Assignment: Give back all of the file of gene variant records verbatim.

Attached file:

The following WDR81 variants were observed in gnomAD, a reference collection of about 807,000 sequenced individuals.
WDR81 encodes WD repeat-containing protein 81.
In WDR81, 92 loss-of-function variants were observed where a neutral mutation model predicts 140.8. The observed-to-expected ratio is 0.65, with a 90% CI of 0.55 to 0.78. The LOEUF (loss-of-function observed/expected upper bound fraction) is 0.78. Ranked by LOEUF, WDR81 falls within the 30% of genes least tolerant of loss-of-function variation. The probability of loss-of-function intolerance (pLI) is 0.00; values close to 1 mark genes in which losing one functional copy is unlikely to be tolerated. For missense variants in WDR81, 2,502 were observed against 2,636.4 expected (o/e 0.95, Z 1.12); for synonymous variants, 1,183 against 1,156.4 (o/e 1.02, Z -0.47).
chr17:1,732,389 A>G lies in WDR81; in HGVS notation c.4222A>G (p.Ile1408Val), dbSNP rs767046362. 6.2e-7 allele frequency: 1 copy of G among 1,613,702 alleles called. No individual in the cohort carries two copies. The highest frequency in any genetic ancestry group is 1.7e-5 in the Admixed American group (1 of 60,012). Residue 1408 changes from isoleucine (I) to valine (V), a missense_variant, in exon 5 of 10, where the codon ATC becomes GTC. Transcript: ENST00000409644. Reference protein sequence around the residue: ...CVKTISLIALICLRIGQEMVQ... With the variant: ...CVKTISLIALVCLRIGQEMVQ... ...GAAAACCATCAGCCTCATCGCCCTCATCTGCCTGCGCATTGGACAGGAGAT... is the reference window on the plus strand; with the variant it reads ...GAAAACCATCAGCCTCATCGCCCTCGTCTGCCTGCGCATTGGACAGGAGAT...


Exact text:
The following WDR81 variants were observed in gnomAD, a reference collection of about 807,000 sequenced individuals.
WDR81 encodes WD repeat-containing protein 81.
In WDR81, 92 loss-of-function variants were observed where a neutral mutation model predicts 140.8. The observed-to-expected ratio is 0.65, with a 90% CI of 0.55 to 0.78. The LOEUF (loss-of-function observed/expected upper bound fraction) is 0.78. Ranked by LOEUF, WDR81 falls within the 30% of genes least tolerant of loss-of-function variation. The probability of loss-of-function intolerance (pLI) is 0.00; values close to 1 mark genes in which losing one functional copy is unlikely to be tolerated. For missense variants in WDR81, 2,502 were observed against 2,636.4 expected (o/e 0.95, Z 1.12); for synonymous variants, 1,183 against 1,156.4 (o/e 1.02, Z -0.47).
chr17:1,732,389 A>G lies in WDR81; in HGVS notation c.4222A>G (p.Ile1408Val), dbSNP rs767046362. 6.2e-7 allele frequency: 1 copy of G among 1,613,702 alleles called. No individual in the cohort carries two copies. The highest frequency in any genetic ancestry group is 1.7e-5 in the Admixed American group (1 of 60,012). Residue 1408 changes from isoleucine (I) to valine (V), a missense_variant, in exon 5 of 10, where the codon ATC becomes GTC. Transcript: ENST00000409644. Reference protein sequence around the residue: ...CVKTISLIALICLRIGQEMVQ... With the variant: ...CVKTISLIALVCLRIGQEMVQ... ...GAAAACCATCAGCCTCATCGCCCTCATCTGCCTGCGCATTGGACAGGAGAT... is the reference window on the plus strand; with the variant it reads ...GAAAACCATCAGCCTCATCGCCCTCGTCTGCCTGCGCATTGGACAGGAGAT...